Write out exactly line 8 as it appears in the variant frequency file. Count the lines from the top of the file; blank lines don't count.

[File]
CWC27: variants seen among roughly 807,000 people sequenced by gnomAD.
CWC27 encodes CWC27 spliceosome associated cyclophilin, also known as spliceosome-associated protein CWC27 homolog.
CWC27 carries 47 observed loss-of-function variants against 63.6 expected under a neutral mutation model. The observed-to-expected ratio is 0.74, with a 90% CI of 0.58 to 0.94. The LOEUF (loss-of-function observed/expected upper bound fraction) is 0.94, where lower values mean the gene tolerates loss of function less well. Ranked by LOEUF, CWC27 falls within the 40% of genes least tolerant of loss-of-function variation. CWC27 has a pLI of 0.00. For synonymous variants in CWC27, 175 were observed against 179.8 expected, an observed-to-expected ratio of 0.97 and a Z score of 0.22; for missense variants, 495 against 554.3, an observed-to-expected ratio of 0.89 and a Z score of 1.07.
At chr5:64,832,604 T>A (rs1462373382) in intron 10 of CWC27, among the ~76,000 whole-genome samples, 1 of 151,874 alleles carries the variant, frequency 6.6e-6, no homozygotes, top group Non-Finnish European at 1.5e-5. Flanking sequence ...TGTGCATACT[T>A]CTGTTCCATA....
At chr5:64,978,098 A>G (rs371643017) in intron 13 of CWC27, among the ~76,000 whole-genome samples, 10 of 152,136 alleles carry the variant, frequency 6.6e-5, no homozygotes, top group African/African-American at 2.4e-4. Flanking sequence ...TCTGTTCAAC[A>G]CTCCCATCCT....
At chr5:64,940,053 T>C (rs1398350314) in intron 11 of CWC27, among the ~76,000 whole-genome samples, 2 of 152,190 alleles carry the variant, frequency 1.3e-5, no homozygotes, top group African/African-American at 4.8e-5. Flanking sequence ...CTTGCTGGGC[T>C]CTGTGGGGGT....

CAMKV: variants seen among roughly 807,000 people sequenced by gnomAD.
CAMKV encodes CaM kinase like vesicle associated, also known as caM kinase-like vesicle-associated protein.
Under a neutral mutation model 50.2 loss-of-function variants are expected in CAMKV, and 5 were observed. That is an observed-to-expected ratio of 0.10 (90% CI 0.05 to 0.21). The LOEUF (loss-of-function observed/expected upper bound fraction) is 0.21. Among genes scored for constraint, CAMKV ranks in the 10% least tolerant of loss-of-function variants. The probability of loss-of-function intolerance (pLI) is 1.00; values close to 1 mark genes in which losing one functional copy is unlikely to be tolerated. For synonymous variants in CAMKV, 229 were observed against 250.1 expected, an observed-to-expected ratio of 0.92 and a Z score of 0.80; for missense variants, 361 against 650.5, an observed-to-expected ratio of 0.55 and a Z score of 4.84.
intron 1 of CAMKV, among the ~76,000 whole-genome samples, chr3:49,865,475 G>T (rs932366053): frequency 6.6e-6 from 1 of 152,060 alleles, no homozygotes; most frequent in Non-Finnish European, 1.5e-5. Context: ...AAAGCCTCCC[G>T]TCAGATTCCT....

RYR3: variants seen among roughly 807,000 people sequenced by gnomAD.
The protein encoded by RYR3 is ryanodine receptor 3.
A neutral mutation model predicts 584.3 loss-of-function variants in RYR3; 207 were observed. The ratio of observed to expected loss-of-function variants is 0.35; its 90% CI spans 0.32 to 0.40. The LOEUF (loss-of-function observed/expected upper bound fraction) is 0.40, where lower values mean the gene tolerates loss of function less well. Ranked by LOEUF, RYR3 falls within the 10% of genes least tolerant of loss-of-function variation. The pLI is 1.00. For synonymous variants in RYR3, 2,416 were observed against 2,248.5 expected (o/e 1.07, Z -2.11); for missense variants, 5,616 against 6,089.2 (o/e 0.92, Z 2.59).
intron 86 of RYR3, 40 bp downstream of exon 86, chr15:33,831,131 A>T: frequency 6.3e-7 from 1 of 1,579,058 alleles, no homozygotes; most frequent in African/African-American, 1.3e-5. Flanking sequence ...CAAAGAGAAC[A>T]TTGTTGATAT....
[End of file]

CAMKV encodes CaM kinase like vesicle associated, also known as caM kinase-like vesicle-associated protein.